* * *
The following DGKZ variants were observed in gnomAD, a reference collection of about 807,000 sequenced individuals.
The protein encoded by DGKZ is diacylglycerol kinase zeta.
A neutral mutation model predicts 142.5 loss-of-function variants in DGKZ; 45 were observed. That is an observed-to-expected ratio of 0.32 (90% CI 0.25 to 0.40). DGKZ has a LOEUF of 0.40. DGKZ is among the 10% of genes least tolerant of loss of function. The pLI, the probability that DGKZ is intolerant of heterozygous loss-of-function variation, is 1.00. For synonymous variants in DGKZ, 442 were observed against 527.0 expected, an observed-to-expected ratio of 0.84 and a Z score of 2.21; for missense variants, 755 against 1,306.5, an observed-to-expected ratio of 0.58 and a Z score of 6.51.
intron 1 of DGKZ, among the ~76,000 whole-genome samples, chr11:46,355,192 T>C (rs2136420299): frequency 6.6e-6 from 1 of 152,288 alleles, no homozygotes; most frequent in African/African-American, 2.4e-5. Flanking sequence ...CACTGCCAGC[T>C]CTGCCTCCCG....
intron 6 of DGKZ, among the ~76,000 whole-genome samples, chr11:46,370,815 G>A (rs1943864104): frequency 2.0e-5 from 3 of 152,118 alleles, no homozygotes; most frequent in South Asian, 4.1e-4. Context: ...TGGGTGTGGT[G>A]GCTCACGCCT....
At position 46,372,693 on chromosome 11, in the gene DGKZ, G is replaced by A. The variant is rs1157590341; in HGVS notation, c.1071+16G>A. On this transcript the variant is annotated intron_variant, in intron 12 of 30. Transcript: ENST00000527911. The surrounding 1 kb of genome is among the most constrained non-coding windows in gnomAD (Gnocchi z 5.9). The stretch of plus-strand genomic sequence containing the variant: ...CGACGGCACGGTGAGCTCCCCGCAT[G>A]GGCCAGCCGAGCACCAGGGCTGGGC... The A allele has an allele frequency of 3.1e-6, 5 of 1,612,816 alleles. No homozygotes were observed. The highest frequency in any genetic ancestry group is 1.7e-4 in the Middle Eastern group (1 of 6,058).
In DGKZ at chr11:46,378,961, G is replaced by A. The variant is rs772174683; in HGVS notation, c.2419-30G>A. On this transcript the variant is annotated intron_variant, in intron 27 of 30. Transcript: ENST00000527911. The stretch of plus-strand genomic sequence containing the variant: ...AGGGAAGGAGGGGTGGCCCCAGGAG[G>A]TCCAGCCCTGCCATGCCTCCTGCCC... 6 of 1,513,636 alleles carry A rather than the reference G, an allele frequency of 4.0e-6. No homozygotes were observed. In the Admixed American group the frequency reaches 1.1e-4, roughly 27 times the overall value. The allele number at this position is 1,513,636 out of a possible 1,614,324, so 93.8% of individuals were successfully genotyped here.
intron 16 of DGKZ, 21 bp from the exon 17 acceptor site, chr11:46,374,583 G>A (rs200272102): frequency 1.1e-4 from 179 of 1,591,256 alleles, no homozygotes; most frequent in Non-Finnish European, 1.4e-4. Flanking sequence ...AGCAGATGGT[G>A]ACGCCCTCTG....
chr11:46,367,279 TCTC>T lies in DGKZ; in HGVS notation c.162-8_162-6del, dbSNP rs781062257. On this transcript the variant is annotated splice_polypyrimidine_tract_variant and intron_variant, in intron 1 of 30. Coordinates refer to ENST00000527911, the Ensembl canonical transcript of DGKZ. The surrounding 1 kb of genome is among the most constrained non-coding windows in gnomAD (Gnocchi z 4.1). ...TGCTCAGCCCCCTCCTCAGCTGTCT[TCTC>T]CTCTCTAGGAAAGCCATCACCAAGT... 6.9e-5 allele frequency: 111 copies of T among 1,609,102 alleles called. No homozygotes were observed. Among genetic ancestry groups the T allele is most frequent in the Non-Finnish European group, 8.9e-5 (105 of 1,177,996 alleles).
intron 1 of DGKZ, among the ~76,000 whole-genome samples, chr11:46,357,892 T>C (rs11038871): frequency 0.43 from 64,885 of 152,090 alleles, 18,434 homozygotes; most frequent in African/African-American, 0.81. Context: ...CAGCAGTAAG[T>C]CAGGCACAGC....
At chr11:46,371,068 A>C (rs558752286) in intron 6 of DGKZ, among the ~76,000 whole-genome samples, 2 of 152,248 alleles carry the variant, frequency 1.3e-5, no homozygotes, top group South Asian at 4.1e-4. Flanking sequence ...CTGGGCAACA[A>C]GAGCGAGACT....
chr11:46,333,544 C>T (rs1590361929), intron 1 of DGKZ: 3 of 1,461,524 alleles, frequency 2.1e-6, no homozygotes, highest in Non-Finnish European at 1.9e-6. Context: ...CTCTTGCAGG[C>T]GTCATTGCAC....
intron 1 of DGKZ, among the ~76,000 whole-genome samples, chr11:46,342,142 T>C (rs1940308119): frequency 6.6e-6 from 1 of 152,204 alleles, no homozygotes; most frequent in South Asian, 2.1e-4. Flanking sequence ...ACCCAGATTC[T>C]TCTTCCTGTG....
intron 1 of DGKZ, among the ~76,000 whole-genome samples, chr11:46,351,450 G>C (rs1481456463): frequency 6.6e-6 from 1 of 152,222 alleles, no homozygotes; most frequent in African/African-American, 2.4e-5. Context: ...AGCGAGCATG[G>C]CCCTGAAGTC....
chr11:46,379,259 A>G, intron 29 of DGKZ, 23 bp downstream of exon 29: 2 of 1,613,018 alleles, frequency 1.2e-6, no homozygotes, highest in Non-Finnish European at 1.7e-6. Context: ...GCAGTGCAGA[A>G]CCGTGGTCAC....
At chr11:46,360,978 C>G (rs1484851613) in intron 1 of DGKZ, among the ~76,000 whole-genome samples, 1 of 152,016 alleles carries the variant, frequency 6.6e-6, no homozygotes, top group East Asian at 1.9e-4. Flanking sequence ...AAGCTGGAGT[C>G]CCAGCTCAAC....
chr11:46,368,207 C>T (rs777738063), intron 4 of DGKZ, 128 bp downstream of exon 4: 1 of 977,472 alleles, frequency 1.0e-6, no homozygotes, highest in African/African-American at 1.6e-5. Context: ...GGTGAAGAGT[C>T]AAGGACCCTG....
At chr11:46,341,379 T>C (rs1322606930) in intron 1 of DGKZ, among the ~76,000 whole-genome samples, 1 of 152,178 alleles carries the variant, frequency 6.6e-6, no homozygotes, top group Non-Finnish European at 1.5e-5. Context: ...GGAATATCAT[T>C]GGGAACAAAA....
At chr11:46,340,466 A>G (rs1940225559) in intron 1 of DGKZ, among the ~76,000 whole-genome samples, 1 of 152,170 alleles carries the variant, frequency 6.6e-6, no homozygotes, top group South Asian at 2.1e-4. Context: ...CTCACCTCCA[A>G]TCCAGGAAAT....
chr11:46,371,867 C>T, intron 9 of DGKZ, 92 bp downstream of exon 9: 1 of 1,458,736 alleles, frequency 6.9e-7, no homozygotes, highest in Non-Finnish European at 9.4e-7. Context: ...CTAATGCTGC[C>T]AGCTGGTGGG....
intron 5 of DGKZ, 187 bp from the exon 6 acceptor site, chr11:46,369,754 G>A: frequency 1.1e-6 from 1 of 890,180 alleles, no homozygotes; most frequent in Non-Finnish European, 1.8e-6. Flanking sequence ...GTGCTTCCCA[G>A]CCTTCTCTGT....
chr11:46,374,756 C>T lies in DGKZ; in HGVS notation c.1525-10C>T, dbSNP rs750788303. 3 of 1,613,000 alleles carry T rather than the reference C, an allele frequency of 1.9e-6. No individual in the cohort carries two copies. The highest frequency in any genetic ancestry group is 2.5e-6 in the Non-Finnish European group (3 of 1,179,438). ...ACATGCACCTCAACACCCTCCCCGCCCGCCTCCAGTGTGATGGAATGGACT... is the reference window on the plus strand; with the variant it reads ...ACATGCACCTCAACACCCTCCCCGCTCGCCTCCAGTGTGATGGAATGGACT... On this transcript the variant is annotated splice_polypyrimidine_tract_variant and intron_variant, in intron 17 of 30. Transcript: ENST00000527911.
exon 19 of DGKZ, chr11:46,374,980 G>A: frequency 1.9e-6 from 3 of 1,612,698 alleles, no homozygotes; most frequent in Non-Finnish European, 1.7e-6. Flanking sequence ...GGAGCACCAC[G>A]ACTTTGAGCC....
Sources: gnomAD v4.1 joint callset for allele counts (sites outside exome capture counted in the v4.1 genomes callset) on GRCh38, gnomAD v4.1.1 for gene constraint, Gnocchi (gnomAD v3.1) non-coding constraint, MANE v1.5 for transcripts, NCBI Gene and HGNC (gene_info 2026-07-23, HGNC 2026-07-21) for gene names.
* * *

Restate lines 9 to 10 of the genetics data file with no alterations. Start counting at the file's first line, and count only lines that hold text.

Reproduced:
chr11:46,367,279 TCTC>T lies in DGKZ; in HGVS notation c.162-8_162-6del, dbSNP rs781062257. On this transcript the variant is annotated splice_polypyrimidine_tract_variant and intron_variant, in intron 1 of 30. Coordinates refer to ENST00000527911, the Ensembl canonical transcript of DGKZ. The surrounding 1 kb of genome is among the most constrained non-coding windows in gnomAD (Gnocchi z 4.1). ...TGCTCAGCCCCCTCCTCAGCTGTCT[TCTC>T]CTCTCTAGGAAAGCCATCACCAAGT... 6.9e-5 allele frequency: 111 copies of T among 1,609,102 alleles called. No homozygotes were observed. Among genetic ancestry groups the T allele is most frequent in the Non-Finnish European group, 8.9e-5 (105 of 1,177,996 alleles).
intron 1 of DGKZ, among the ~76,000 whole-genome samples, chr11:46,357,892 T>C (rs11038871): frequency 0.43 from 64,885 of 152,090 alleles, 18,434 homozygotes; most frequent in African/African-American, 0.81. Context: ...CAGCAGTAAG[T>C]CAGGCACAGC....